Florida dedicating $19.5 million to Space Florida
The Department of Transportation in Florida are investing $17 million for the Launch Complex 36, which will be home to Blue Origin’s New Glenn reusable rocket launches.
Blue Origin’s founder, Amazon and Washington Post owner Jeff Bezos, originally announced the plan to use the location in September 2015. Bezos said his company would match the government’s contributions, bringing the total budget for refurbishing the launch complex to $34 million.
Two new rocket models late last year have been announced by Blue Origin, which will be named after the late astronaut John Glenn. Glenn became the first American to ever orbit the Earth in 1962. Blue Origin will open a 750,000 sq. ft. factory for the production and development of new rockets at the Kennedy Space Center in the future, with a goal start date of 2018. Blue Origin has committed to spending $200 million on the facility and is hoping to employ upwards of 330 people from the local economy.
During a public announcement of the project in September 2015, Bezos said “We’re not just launching here, we’re building here,” Florida Governor Rick Scott attended the meeting, where Bezos continued, “Our ultimate vision is millions of people living and working in space.”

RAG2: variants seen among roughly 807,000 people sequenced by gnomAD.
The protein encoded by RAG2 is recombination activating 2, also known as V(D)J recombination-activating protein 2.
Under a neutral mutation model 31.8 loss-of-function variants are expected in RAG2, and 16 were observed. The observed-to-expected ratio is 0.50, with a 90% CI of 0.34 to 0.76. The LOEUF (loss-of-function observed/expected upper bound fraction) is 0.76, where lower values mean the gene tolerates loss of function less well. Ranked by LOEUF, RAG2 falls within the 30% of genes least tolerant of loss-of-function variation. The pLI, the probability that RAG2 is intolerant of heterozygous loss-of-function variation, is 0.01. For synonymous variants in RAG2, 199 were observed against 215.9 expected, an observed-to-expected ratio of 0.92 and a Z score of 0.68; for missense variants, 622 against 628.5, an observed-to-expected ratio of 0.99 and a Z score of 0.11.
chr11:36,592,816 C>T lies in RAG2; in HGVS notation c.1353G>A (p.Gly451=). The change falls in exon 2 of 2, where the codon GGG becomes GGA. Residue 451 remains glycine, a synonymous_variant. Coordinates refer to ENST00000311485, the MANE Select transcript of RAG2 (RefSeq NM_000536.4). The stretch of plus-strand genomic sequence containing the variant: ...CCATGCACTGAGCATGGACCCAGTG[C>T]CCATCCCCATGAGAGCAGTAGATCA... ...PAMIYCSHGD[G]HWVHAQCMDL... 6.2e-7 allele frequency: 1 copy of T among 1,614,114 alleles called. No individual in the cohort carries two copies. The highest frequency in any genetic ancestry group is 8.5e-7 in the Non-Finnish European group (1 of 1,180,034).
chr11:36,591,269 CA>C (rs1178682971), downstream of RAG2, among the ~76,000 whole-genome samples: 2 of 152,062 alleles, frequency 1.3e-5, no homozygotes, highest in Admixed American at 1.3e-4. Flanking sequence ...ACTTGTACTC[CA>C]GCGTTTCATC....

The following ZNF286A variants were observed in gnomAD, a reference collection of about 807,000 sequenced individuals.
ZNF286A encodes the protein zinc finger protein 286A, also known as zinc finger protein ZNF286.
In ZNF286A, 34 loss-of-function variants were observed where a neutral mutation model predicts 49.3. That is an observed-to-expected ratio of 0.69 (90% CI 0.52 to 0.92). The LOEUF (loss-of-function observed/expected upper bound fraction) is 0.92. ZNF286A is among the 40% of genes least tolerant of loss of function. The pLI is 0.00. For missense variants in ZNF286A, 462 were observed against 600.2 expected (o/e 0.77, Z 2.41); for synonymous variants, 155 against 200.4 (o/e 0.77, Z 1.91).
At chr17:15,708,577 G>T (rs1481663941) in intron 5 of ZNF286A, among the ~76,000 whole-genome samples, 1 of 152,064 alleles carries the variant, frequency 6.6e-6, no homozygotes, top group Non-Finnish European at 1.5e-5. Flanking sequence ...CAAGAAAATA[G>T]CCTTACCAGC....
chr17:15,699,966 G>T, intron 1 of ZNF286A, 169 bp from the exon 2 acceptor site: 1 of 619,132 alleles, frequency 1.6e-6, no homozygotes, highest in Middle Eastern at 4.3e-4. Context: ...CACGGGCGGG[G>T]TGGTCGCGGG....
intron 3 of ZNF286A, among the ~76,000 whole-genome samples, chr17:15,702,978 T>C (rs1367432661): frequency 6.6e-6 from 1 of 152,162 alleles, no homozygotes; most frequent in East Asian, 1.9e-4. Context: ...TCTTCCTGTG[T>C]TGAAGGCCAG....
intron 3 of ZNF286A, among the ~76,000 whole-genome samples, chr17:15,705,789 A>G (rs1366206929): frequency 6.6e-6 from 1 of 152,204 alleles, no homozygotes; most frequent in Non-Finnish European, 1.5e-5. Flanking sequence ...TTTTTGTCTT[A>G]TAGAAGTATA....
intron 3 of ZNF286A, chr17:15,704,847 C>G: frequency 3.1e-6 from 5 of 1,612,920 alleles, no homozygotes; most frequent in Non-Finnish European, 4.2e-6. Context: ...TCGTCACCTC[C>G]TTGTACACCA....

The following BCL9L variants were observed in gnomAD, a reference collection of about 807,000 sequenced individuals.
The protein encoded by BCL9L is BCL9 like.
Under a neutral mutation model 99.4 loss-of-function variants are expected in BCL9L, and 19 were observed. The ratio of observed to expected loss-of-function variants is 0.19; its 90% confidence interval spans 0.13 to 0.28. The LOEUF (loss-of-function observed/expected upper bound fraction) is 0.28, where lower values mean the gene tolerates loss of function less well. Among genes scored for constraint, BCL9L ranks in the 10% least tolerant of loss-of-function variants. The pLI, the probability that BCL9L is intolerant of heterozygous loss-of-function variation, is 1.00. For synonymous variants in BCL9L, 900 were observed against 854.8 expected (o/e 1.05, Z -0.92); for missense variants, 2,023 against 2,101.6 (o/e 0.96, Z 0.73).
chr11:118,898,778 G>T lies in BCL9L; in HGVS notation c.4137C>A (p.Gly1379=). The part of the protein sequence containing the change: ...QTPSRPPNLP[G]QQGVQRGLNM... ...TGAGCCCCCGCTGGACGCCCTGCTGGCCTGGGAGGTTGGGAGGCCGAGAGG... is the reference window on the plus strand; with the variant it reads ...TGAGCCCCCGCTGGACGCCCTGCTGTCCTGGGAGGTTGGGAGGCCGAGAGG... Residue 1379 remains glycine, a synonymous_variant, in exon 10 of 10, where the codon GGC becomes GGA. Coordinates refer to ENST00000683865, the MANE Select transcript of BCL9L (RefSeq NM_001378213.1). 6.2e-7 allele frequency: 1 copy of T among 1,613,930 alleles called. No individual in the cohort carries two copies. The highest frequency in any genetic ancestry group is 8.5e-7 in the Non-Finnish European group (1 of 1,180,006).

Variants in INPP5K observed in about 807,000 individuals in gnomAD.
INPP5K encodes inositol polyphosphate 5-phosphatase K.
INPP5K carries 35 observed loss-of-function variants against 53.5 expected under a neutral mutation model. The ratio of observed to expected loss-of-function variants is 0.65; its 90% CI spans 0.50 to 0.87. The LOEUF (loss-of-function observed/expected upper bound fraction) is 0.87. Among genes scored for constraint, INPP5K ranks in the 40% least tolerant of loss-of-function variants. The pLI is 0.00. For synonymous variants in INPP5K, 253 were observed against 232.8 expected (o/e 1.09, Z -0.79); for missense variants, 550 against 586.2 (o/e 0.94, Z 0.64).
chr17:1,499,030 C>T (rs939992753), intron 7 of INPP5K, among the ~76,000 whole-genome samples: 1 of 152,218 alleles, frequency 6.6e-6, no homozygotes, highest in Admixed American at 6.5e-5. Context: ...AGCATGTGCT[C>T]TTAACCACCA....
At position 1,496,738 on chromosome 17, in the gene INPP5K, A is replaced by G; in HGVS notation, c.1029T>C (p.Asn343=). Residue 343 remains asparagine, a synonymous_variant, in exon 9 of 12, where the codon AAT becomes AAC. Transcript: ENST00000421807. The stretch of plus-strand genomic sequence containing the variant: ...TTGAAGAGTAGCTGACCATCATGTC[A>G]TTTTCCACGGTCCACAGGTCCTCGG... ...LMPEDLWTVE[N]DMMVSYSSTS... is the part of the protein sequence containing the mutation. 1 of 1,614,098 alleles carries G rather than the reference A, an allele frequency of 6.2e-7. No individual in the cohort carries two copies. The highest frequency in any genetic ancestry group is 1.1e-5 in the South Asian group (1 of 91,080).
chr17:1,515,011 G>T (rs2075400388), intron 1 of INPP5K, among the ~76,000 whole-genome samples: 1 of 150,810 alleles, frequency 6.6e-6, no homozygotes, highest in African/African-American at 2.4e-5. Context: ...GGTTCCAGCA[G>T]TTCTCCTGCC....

Recently, Bezos provided an email update regarding the development of the company’s new BE-4 rocket engine. The email addressed some of the progress Blue Origin had made in its design.
Bezos stated “For even more performance, you can add one or more boost pumps ahead of the main pumps. We’ve done that on the oxidizer side of our BE-4 engine. Our Ox Boost Pump (OBP) design leverages 3-D additive manufacturing to make many of the key components,”. He noted the second iteration of the OBP was now being tested.
“The housing is a single printed aluminum part and all of the stages of the hydraulic turbine are printed from Monel, a nickel alloy. This manufacturing approach allows the integration of complex internal flow passages in the housing that would be much more difficult to make using conventional methods. The turbine nozzles and rotors are also 3-D printed and require minimum machining to achieve the required fits.”